Health Care Is An Advantageous Topic For Candidates
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The Supreme Court made a decision on President Obama's health care law, but did not end the debate. Voters in battleground states remain polarized about that law. There are signs, though, that the gap between opponents and supporters has become a little smaller. This is the first NPR poll of the 2012 general election season, and we have more, this morning, from NPR's Mara Liasson reports.
MARA LIASSON, BYLINE: Our poll of 1,000 likely voters was conducted by NPR's bipartisan team: veteran Stan Greenberg of Democracy Corps and a new Republican pollster, Whit Ayres of Resurgent Republic. Democracy Corps conducts public polling for Democrats. Resurgent Republic does the same for Republicans. Our poll showed Presidents Obama's approval rating nationally to be just under 50 percent, an important threshold for incumbents. But Mr. Obama has a small two point lead over Mitt Romney in the horse race. Democrat Stan Greenberg thinks he knows why.
STAN GREENBERG: This poll has the Democrats with a seven point advantage on party identification. The image of the Republican Party right now is not great. There are more Democrats than Republicans in the electorate. And so the Democrats have a slight edge in this election.
LIASSON: But that doesn't mean that seven percent more Democrats will turnout in the fall, says our Republican pollster Whit Ayres.
WHIT AYERS: Because Republicans are significantly more energized than are Democrats and independents. Eighty-five percent of Republicans say they're absolutely certain to vote, compared to 75 percent of independents and 76 percent of Democrats. So the Republican enthusiasm advantage is going to narrow that partisan gap in ultimate turnout.
LIASSON: We over-sampled 462 likely voters in 12 battleground states, including Florida, Michigan, Ohio, Virginia and Wisconsin. And here's why.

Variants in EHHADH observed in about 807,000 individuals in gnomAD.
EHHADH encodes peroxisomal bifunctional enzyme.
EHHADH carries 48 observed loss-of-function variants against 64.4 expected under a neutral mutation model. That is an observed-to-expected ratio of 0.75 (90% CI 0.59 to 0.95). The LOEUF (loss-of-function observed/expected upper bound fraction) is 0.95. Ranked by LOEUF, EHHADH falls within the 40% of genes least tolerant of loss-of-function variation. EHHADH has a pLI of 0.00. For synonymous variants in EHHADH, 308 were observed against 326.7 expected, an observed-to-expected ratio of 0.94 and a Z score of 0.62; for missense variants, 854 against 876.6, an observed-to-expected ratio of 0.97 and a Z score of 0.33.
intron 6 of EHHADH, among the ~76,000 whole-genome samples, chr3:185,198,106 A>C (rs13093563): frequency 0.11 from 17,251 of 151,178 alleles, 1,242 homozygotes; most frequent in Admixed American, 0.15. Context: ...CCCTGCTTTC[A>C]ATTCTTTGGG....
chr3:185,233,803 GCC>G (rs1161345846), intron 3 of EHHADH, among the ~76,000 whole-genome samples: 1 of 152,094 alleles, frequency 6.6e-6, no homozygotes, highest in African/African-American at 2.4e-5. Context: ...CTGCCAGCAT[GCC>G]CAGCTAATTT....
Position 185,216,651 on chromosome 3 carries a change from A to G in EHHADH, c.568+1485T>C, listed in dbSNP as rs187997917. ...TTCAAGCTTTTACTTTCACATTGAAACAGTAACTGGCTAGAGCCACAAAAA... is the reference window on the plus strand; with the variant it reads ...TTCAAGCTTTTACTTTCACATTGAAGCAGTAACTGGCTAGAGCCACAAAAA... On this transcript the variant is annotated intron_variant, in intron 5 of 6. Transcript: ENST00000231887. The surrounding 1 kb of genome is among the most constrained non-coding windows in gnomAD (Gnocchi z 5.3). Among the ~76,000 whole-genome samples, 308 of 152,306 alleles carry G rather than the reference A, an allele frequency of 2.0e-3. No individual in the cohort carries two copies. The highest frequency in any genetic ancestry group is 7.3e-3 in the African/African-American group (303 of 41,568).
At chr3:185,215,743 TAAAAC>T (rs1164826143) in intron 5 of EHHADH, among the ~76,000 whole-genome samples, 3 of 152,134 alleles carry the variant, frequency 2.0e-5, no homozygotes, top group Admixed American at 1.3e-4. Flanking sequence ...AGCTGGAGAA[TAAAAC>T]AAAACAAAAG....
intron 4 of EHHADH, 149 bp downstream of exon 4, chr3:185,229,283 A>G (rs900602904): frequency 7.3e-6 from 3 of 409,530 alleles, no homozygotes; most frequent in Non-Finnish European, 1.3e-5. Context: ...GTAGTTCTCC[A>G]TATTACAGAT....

AYERS: The battleground states are those where the vast majority of spending occurs for the presidential campaigns. Those are the voters who are actually hearing the messages, watching the ads, and being - one presumes - most tuned in to the presidential election.
LIASSON: In the battleground, the race is tighter than nationally. It's dead even, 46 to 46. And the number of undecided voters there is tiny - just three percent. And when we asked likely voters in the battleground about the health care law we found that while they were evenly split on the Supreme Court decision upholding the law, the law itself was still underwater. Ayres and Greenberg each had their own read of our results.
AYERS: Even after the Supreme Court decision, Republicans oppose it at a higher - level 87to eight - than democrats support it - 77 to13. A majority of independents oppose it - 50 to 37, a double digit opposition margin - as do battleground state voters - 52-39. The health care reform law is still an albatross around the president's reelection campaign.
GREENBERG: No, no, no, no, no. I mean, this poll in fact undermines the conventional wisdom, which has been health care hangs over the Democrats. What we have here, is almost an even split on health care. It's lost much of its intensity.
LIASSON: Greenberg is pointing to what the polls showed when he and Ayes tested the best arguments Democrats and Republicans could offer about the law. Then the gap narrowed. When given a choice between repealing Obamacare - the GOP battle cry - and moving forward to make improvements in the law, the Democratic argument actually won battleground voters 53 to 44 percent. Big majorities - 58 percent of battleground voters - said the Supreme Court's decision would have no effect on their view of the law.
Voters like Arlene Harper, a retired nurse from Kentwood, Michigan - an independent - who says she's leaning to Romney.
ARLENE HARPER: To me that's pushing us closer and closer to socialized medicine. But no, I do not like this business of insurance, forcing people to get that.
LIASSON: Dan Bonga, a retired teacher from Wilkinsburg, Pennsylvania and a supporter of the law, says the Supreme Court's decision did affect his thinking about the presidential election.
DAN BONGA: Oh, it made me even stronger for Obama. And they worry about socialized medicine. We already have socialized medicine. You know, you're some crazy person, you get stabbed on the street, you go to the hospital, they take care of you and we pay for it.
LIASSON: Ayres and Greenberg agree that our poll shows there is an advantage for both candidates on health care, if they keep talking about the law. And they are.
MITT ROMNEY: There are a lot of things that need to be done to improve health care, but Obamacare is not the answer. We got to replace it. Get rid of it.
(SOUNDBITE OF CHEERING)
PRESIDENT BARACK OBAMA: So when you hear about the Affordable Care Act - Obamacare...
OBAMA: ...and I don't mind the name, because I really do care. That's why we passed it.
LIASSON: The full poll results can be found at NPR.org.
Mara Liasson, NPR News.
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